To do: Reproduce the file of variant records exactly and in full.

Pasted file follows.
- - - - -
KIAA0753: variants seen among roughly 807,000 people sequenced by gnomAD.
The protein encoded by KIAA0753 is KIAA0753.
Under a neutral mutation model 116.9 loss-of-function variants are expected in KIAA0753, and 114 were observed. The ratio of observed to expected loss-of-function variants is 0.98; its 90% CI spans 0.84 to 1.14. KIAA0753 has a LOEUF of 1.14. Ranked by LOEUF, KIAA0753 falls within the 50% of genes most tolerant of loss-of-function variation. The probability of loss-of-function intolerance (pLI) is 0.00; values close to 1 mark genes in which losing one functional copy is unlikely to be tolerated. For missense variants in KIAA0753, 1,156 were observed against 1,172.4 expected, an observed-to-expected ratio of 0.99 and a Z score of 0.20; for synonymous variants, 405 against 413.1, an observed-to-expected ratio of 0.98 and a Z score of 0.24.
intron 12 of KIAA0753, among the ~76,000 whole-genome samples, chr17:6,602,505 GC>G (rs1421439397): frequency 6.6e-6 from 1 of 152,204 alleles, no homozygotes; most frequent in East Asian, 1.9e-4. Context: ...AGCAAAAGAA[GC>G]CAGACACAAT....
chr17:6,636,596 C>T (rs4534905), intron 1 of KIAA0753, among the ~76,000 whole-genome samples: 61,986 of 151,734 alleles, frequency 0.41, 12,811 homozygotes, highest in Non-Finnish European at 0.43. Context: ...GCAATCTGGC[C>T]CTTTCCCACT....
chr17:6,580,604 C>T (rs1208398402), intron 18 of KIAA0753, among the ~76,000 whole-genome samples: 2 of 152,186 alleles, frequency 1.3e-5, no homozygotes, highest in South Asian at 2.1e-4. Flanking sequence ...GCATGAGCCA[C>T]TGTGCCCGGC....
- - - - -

KIAA0753: variants seen among roughly 807,000 people sequenced by gnomAD.
The protein encoded by KIAA0753 is KIAA0753.
Under a neutral mutation model 116.9 loss-of-function variants are expected in KIAA0753, and 114 were observed. The ratio of observed to expected loss-of-function variants is 0.98; its 90% CI spans 0.84 to 1.14. KIAA0753 has a LOEUF of 1.14. Ranked by LOEUF, KIAA0753 falls within the 50% of genes most tolerant of loss-of-function variation. The probability of loss-of-function intolerance (pLI) is 0.00; values close to 1 mark genes in which losing one functional copy is unlikely to be tolerated. For missense variants in KIAA0753, 1,156 were observed against 1,172.4 expected, an observed-to-expected ratio of 0.99 and a Z score of 0.20; for synonymous variants, 405 against 413.1, an observed-to-expected ratio of 0.98 and a Z score of 0.24.
intron 12 of KIAA0753, among the ~76,000 whole-genome samples, chr17:6,602,505 GC>G (rs1421439397): frequency 6.6e-6 from 1 of 152,204 alleles, no homozygotes; most frequent in East Asian, 1.9e-4. Context: ...AGCAAAAGAA[GC>G]CAGACACAAT....
chr17:6,636,596 C>T (rs4534905), intron 1 of KIAA0753, among the ~76,000 whole-genome samples: 61,986 of 151,734 alleles, frequency 0.41, 12,811 homozygotes, highest in Non-Finnish European at 0.43. Context: ...GCAATCTGGC[C>T]CTTTCCCACT....
chr17:6,580,604 C>T (rs1208398402), intron 18 of KIAA0753, among the ~76,000 whole-genome samples: 2 of 152,186 alleles, frequency 1.3e-5, no homozygotes, highest in South Asian at 2.1e-4. Flanking sequence ...GCATGAGCCA[C>T]TGTGCCCGGC....